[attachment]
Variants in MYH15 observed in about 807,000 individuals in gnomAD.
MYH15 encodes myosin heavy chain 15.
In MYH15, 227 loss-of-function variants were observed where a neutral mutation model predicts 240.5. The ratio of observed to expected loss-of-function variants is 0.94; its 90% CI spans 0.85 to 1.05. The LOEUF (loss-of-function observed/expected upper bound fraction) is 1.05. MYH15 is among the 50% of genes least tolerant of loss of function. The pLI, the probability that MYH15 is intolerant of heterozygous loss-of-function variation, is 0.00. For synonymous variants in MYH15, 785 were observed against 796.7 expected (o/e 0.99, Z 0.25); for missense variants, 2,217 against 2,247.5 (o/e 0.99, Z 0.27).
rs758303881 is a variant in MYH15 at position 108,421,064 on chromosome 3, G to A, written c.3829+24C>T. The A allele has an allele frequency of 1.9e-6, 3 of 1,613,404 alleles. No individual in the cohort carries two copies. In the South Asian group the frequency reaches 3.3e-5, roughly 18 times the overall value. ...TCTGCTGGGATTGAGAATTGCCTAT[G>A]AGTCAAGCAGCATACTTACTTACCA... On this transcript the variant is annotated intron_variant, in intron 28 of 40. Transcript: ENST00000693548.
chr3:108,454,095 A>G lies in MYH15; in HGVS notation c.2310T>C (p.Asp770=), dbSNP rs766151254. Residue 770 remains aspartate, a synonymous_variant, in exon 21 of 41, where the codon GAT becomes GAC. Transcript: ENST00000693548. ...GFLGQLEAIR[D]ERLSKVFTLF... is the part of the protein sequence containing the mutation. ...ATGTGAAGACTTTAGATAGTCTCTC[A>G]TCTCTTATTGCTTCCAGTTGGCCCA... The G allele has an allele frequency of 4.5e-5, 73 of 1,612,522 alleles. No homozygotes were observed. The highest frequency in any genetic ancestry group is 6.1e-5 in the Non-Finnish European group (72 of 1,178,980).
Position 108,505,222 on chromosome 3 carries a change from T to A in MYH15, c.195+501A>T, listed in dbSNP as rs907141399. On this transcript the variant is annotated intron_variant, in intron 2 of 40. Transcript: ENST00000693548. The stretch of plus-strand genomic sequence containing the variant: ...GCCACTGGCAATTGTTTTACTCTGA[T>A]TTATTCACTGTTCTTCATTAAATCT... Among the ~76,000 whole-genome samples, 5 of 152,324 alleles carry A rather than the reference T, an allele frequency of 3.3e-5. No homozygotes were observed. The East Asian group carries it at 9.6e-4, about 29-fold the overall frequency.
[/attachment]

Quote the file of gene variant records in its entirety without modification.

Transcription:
Variants in MYH15 observed in about 807,000 individuals in gnomAD.
MYH15 encodes myosin heavy chain 15.
In MYH15, 227 loss-of-function variants were observed where a neutral mutation model predicts 240.5. The ratio of observed to expected loss-of-function variants is 0.94; its 90% CI spans 0.85 to 1.05. The LOEUF (loss-of-function observed/expected upper bound fraction) is 1.05. MYH15 is among the 50% of genes least tolerant of loss of function. The pLI, the probability that MYH15 is intolerant of heterozygous loss-of-function variation, is 0.00. For synonymous variants in MYH15, 785 were observed against 796.7 expected (o/e 0.99, Z 0.25); for missense variants, 2,217 against 2,247.5 (o/e 0.99, Z 0.27).
rs758303881 is a variant in MYH15 at position 108,421,064 on chromosome 3, G to A, written c.3829+24C>T. The A allele has an allele frequency of 1.9e-6, 3 of 1,613,404 alleles. No individual in the cohort carries two copies. In the South Asian group the frequency reaches 3.3e-5, roughly 18 times the overall value. ...TCTGCTGGGATTGAGAATTGCCTAT[G>A]AGTCAAGCAGCATACTTACTTACCA... On this transcript the variant is annotated intron_variant, in intron 28 of 40. Transcript: ENST00000693548.
chr3:108,454,095 A>G lies in MYH15; in HGVS notation c.2310T>C (p.Asp770=), dbSNP rs766151254. Residue 770 remains aspartate, a synonymous_variant, in exon 21 of 41, where the codon GAT becomes GAC. Transcript: ENST00000693548. ...GFLGQLEAIR[D]ERLSKVFTLF... is the part of the protein sequence containing the mutation. ...ATGTGAAGACTTTAGATAGTCTCTC[A>G]TCTCTTATTGCTTCCAGTTGGCCCA... The G allele has an allele frequency of 4.5e-5, 73 of 1,612,522 alleles. No homozygotes were observed. The highest frequency in any genetic ancestry group is 6.1e-5 in the Non-Finnish European group (72 of 1,178,980).
Position 108,505,222 on chromosome 3 carries a change from T to A in MYH15, c.195+501A>T, listed in dbSNP as rs907141399. On this transcript the variant is annotated intron_variant, in intron 2 of 40. Transcript: ENST00000693548. The stretch of plus-strand genomic sequence containing the variant: ...GCCACTGGCAATTGTTTTACTCTGA[T>A]TTATTCACTGTTCTTCATTAAATCT... Among the ~76,000 whole-genome samples, 5 of 152,324 alleles carry A rather than the reference T, an allele frequency of 3.3e-5. No homozygotes were observed. The East Asian group carries it at 9.6e-4, about 29-fold the overall frequency.